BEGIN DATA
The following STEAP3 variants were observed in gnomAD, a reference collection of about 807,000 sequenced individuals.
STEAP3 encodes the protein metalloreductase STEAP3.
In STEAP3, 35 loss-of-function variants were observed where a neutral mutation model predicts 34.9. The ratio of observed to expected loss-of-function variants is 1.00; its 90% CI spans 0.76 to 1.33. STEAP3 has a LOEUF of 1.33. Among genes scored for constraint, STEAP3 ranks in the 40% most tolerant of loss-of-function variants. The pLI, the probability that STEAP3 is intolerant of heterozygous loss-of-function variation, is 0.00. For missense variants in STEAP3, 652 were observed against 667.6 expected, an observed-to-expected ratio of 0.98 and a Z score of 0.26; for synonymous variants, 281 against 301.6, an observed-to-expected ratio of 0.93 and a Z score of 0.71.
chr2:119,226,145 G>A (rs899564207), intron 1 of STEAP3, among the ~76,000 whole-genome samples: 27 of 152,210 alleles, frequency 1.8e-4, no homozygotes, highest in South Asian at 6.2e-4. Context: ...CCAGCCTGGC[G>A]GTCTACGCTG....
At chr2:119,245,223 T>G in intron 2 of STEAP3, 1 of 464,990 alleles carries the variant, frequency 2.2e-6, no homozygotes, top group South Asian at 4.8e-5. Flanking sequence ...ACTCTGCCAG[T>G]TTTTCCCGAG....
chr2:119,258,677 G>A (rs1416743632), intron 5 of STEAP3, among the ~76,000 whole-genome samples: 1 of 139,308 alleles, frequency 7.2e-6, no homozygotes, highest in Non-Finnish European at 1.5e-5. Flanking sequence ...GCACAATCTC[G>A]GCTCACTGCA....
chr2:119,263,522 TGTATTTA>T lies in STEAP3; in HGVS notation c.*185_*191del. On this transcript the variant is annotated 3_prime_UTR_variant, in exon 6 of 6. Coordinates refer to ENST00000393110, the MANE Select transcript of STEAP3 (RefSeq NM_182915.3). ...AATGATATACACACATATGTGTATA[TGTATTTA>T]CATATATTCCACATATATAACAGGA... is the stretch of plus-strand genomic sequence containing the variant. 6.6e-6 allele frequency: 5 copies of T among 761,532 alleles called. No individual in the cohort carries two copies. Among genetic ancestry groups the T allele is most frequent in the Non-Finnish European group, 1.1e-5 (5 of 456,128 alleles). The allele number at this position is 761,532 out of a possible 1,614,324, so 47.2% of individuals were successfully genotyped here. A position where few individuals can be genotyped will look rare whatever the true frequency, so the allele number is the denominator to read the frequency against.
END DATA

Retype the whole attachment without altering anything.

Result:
The following STEAP3 variants were observed in gnomAD, a reference collection of about 807,000 sequenced individuals.
STEAP3 encodes the protein metalloreductase STEAP3.
In STEAP3, 35 loss-of-function variants were observed where a neutral mutation model predicts 34.9. The ratio of observed to expected loss-of-function variants is 1.00; its 90% CI spans 0.76 to 1.33. STEAP3 has a LOEUF of 1.33. Among genes scored for constraint, STEAP3 ranks in the 40% most tolerant of loss-of-function variants. The pLI, the probability that STEAP3 is intolerant of heterozygous loss-of-function variation, is 0.00. For missense variants in STEAP3, 652 were observed against 667.6 expected, an observed-to-expected ratio of 0.98 and a Z score of 0.26; for synonymous variants, 281 against 301.6, an observed-to-expected ratio of 0.93 and a Z score of 0.71.
chr2:119,226,145 G>A (rs899564207), intron 1 of STEAP3, among the ~76,000 whole-genome samples: 27 of 152,210 alleles, frequency 1.8e-4, no homozygotes, highest in South Asian at 6.2e-4. Context: ...CCAGCCTGGC[G>A]GTCTACGCTG....
At chr2:119,245,223 T>G in intron 2 of STEAP3, 1 of 464,990 alleles carries the variant, frequency 2.2e-6, no homozygotes, top group South Asian at 4.8e-5. Flanking sequence ...ACTCTGCCAG[T>G]TTTTCCCGAG....
chr2:119,258,677 G>A (rs1416743632), intron 5 of STEAP3, among the ~76,000 whole-genome samples: 1 of 139,308 alleles, frequency 7.2e-6, no homozygotes, highest in Non-Finnish European at 1.5e-5. Flanking sequence ...GCACAATCTC[G>A]GCTCACTGCA....
chr2:119,263,522 TGTATTTA>T lies in STEAP3; in HGVS notation c.*185_*191del. On this transcript the variant is annotated 3_prime_UTR_variant, in exon 6 of 6. Coordinates refer to ENST00000393110, the MANE Select transcript of STEAP3 (RefSeq NM_182915.3). ...AATGATATACACACATATGTGTATA[TGTATTTA>T]CATATATTCCACATATATAACAGGA... is the stretch of plus-strand genomic sequence containing the variant. 6.6e-6 allele frequency: 5 copies of T among 761,532 alleles called. No individual in the cohort carries two copies. Among genetic ancestry groups the T allele is most frequent in the Non-Finnish European group, 1.1e-5 (5 of 456,128 alleles). The allele number at this position is 761,532 out of a possible 1,614,324, so 47.2% of individuals were successfully genotyped here. A position where few individuals can be genotyped will look rare whatever the true frequency, so the allele number is the denominator to read the frequency against.